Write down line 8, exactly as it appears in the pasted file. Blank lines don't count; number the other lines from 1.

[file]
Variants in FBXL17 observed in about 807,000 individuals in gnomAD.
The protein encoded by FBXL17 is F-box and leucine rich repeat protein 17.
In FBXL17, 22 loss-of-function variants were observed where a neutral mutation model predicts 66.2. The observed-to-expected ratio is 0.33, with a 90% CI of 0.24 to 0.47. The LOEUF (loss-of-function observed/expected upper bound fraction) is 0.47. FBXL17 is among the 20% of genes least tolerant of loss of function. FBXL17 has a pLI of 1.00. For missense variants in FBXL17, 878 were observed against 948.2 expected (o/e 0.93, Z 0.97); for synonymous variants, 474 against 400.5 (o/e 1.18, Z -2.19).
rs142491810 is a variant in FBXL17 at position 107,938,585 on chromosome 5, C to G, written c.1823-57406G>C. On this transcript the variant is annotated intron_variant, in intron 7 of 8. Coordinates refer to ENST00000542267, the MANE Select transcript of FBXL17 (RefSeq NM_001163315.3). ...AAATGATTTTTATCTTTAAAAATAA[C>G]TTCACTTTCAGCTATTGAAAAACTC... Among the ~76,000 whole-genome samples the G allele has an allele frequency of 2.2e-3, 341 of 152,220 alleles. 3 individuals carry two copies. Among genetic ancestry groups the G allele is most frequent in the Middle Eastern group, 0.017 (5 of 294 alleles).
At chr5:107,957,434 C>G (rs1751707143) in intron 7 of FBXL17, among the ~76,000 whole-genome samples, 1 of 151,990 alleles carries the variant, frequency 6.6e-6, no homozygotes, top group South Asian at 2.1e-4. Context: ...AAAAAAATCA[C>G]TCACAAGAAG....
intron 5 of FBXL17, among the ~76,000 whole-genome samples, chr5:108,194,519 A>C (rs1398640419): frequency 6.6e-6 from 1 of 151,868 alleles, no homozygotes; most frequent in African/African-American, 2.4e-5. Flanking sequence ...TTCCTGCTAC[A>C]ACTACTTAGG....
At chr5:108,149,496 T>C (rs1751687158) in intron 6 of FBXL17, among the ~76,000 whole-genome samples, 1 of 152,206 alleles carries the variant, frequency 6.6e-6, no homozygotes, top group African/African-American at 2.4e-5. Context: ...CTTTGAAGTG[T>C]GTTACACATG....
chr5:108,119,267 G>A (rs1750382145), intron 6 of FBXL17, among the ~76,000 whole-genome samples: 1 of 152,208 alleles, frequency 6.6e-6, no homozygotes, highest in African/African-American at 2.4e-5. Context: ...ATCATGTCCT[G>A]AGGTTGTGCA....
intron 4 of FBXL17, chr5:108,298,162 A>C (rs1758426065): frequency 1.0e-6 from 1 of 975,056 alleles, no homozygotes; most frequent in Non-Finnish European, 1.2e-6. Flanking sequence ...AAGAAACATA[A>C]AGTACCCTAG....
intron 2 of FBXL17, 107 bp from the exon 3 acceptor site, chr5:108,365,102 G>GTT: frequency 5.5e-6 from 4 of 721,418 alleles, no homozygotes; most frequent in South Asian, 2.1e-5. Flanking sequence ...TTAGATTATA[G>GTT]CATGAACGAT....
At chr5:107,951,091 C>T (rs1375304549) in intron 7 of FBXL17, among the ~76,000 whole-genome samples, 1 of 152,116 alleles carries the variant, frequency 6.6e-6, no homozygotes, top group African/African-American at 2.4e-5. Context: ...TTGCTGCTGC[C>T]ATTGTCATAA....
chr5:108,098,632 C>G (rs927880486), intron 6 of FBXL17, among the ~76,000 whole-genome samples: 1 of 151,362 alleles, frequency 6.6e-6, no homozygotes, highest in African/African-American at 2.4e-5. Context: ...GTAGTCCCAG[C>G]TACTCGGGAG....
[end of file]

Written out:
chr5:108,119,267 G>A (rs1750382145), intron 6 of FBXL17, among the ~76,000 whole-genome samples: 1 of 152,208 alleles, frequency 6.6e-6, no homozygotes, highest in African/African-American at 2.4e-5. Context: ...ATCATGTCCT[G>A]AGGTTGTGCA....